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Paleo diet may prevent heart disease

Tuesday 6th September 2016
A caveman-style diet may help to prevent heart disease, a new study suggests. Image credit: Magone via iStock
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Dieticians will be interested to learn that the Paleo diet has been proven to help reduce people's risk of developing heart disease following a recent study.

Research carried out at the University of Houston, Texas found that people who followed the Paleo eating plan were able to improve the level of interleukin-10 (IL-10) in their systems, reducing their risk of suffering a heart attack or being diagnosed with cardiovascular disease as a result.

The Paleo diet is also known as the caveman diet, as it is designed to emulate the diet that our ancestors would have followed thousands of years ago, meaning it is rich in meat, fish, seeds, fruit, vegetables and plant-based oils, and shuns processed foods completely.

However, it has attracted a great deal of controversy from some critics, who have argued that our ancestors rarely reached the age of 40, so this cannot be a healthy diet to follow.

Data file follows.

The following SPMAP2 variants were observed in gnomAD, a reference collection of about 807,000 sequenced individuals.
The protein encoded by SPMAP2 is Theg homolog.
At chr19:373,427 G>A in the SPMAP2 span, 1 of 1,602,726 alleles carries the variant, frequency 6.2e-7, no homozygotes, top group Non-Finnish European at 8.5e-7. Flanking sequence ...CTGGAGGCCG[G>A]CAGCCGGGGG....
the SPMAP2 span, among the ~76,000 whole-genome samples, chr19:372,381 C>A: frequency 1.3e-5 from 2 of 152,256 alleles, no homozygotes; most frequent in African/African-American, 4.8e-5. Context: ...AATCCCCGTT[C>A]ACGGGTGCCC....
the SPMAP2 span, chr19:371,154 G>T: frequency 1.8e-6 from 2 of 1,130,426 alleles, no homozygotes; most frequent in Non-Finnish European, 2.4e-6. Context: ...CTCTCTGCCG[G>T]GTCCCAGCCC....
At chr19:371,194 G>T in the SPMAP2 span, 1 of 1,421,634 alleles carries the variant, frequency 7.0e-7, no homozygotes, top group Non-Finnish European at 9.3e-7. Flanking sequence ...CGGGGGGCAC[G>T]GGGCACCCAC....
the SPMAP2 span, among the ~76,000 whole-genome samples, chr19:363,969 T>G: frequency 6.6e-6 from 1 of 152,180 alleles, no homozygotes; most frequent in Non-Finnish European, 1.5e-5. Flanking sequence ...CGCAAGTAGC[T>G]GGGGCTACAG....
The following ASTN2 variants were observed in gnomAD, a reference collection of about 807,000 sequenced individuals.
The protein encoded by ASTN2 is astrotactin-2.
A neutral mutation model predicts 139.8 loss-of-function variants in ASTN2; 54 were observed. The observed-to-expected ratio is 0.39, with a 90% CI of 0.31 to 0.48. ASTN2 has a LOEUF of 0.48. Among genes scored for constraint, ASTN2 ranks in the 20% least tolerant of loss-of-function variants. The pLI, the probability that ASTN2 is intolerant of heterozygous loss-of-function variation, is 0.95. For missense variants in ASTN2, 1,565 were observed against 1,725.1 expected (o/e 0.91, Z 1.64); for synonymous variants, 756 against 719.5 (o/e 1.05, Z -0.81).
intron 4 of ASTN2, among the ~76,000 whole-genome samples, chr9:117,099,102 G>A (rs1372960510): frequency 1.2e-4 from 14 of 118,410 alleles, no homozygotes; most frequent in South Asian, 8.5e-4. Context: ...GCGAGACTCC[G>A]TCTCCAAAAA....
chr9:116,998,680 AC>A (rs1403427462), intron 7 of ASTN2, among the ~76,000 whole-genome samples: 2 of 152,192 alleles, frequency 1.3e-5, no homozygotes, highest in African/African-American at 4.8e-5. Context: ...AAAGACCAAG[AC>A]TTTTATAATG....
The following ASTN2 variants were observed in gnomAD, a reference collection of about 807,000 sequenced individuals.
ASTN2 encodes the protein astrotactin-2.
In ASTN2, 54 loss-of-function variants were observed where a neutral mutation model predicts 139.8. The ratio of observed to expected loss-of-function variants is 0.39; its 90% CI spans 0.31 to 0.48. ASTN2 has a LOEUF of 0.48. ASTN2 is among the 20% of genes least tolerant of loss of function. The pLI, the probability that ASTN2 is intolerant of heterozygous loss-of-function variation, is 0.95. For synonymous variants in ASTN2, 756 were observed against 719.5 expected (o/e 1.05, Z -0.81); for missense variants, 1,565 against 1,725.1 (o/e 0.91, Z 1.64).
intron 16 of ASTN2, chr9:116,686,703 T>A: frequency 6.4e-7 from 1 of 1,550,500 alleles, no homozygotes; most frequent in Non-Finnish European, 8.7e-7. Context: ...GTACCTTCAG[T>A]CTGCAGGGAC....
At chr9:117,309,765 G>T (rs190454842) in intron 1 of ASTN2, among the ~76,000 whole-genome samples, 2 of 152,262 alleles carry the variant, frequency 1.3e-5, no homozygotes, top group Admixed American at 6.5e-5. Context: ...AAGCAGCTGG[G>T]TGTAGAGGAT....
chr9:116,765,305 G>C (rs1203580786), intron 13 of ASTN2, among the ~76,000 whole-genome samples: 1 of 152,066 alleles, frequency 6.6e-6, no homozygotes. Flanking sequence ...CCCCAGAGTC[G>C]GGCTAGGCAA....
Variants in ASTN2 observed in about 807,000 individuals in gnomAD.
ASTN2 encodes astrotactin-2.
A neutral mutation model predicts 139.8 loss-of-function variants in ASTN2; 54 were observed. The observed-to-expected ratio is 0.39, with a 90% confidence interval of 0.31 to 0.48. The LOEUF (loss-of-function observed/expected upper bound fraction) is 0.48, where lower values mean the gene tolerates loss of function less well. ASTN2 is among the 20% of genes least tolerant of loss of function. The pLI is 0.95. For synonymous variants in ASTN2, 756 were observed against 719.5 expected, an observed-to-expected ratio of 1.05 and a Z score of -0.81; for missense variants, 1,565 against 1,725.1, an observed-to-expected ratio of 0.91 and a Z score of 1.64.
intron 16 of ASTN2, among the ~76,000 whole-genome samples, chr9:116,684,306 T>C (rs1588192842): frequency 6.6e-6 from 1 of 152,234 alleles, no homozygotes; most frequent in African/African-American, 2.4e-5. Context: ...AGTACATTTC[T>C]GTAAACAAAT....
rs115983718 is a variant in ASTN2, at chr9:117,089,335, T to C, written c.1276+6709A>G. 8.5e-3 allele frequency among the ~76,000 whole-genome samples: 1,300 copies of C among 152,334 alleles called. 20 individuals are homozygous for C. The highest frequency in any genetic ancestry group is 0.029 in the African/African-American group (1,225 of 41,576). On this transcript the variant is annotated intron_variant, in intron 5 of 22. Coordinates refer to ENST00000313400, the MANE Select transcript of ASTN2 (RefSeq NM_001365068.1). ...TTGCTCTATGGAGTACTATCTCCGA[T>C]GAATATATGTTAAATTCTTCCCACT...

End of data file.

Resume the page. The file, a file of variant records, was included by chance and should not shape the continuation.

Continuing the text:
But the new US research shows that people who swap a Western diet prevalent in processed foods and carbohydrates for a Paleo-style eating plan can improve their health and wellbeing, reducing their risk of heart disease along the way.

People with lower levels of IL-10 in their blood are known to be at greater risk of cardiovascular problems, but by following a Paleo diet, IL-10 levels were increased among participants by an average of 35 per cent. 

As a result, this adds weight to the theory that a largely plant-based diet featuring some meat and fish can play a key role in reducing heart disease risk.

Study author Chad Dolan commented: "If our research continues to show that the Paleo diet produces detectable changes in healthy individuals, it will substantiate claims made by those supporting this diet for the past few decades and provide preliminary evidence for another therapeutic strategy for cardiovascular disease and coronary artery disease prevention."

Written by Martin Lambert

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